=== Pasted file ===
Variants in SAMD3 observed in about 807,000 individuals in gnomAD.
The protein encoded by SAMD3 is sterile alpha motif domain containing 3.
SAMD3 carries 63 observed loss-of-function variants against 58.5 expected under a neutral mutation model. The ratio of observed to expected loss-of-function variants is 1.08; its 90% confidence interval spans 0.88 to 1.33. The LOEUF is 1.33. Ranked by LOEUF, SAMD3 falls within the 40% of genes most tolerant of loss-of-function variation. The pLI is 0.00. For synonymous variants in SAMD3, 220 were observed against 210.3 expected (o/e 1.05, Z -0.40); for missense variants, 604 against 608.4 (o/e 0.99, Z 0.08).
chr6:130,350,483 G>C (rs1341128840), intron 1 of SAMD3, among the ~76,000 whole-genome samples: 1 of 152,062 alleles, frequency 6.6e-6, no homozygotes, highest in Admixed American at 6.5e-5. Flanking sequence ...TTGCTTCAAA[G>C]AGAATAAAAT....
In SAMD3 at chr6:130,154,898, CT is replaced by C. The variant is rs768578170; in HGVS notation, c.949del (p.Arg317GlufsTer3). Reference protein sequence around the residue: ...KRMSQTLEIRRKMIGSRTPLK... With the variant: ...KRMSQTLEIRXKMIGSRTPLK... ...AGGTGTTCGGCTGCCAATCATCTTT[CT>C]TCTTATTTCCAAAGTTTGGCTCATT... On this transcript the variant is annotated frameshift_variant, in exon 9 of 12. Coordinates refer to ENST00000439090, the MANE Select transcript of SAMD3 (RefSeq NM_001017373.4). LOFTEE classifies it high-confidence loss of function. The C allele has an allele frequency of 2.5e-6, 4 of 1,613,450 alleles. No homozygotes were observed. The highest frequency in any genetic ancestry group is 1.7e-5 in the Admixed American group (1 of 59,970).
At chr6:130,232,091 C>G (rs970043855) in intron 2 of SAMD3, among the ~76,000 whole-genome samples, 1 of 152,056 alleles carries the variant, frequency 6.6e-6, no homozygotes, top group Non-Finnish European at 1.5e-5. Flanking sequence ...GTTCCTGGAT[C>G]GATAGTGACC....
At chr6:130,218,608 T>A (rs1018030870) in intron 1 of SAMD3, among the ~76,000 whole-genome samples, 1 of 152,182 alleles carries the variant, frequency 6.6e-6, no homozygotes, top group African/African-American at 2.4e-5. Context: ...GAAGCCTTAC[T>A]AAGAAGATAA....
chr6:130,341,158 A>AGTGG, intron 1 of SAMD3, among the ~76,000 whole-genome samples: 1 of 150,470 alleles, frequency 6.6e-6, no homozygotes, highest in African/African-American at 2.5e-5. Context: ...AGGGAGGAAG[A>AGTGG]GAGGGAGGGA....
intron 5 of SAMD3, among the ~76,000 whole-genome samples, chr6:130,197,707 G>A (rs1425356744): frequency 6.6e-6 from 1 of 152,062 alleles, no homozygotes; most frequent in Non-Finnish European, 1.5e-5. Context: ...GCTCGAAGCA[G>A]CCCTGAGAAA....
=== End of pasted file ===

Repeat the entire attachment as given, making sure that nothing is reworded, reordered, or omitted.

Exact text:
Variants in SAMD3 observed in about 807,000 individuals in gnomAD.
The protein encoded by SAMD3 is sterile alpha motif domain containing 3.
SAMD3 carries 63 observed loss-of-function variants against 58.5 expected under a neutral mutation model. The ratio of observed to expected loss-of-function variants is 1.08; its 90% confidence interval spans 0.88 to 1.33. The LOEUF is 1.33. Ranked by LOEUF, SAMD3 falls within the 40% of genes most tolerant of loss-of-function variation. The pLI is 0.00. For synonymous variants in SAMD3, 220 were observed against 210.3 expected (o/e 1.05, Z -0.40); for missense variants, 604 against 608.4 (o/e 0.99, Z 0.08).
chr6:130,350,483 G>C (rs1341128840), intron 1 of SAMD3, among the ~76,000 whole-genome samples: 1 of 152,062 alleles, frequency 6.6e-6, no homozygotes, highest in Admixed American at 6.5e-5. Flanking sequence ...TTGCTTCAAA[G>C]AGAATAAAAT....
In SAMD3 at chr6:130,154,898, CT is replaced by C. The variant is rs768578170; in HGVS notation, c.949del (p.Arg317GlufsTer3). Reference protein sequence around the residue: ...KRMSQTLEIRRKMIGSRTPLK... With the variant: ...KRMSQTLEIRXKMIGSRTPLK... ...AGGTGTTCGGCTGCCAATCATCTTT[CT>C]TCTTATTTCCAAAGTTTGGCTCATT... On this transcript the variant is annotated frameshift_variant, in exon 9 of 12. Coordinates refer to ENST00000439090, the MANE Select transcript of SAMD3 (RefSeq NM_001017373.4). LOFTEE classifies it high-confidence loss of function. The C allele has an allele frequency of 2.5e-6, 4 of 1,613,450 alleles. No homozygotes were observed. The highest frequency in any genetic ancestry group is 1.7e-5 in the Admixed American group (1 of 59,970).
At chr6:130,232,091 C>G (rs970043855) in intron 2 of SAMD3, among the ~76,000 whole-genome samples, 1 of 152,056 alleles carries the variant, frequency 6.6e-6, no homozygotes, top group Non-Finnish European at 1.5e-5. Flanking sequence ...GTTCCTGGAT[C>G]GATAGTGACC....
At chr6:130,218,608 T>A (rs1018030870) in intron 1 of SAMD3, among the ~76,000 whole-genome samples, 1 of 152,182 alleles carries the variant, frequency 6.6e-6, no homozygotes, top group African/African-American at 2.4e-5. Context: ...GAAGCCTTAC[T>A]AAGAAGATAA....
chr6:130,341,158 A>AGTGG, intron 1 of SAMD3, among the ~76,000 whole-genome samples: 1 of 150,470 alleles, frequency 6.6e-6, no homozygotes, highest in African/African-American at 2.5e-5. Context: ...AGGGAGGAAG[A>AGTGG]GAGGGAGGGA....
intron 5 of SAMD3, among the ~76,000 whole-genome samples, chr6:130,197,707 G>A (rs1425356744): frequency 6.6e-6 from 1 of 152,062 alleles, no homozygotes; most frequent in Non-Finnish European, 1.5e-5. Context: ...GCTCGAAGCA[G>A]CCCTGAGAAA....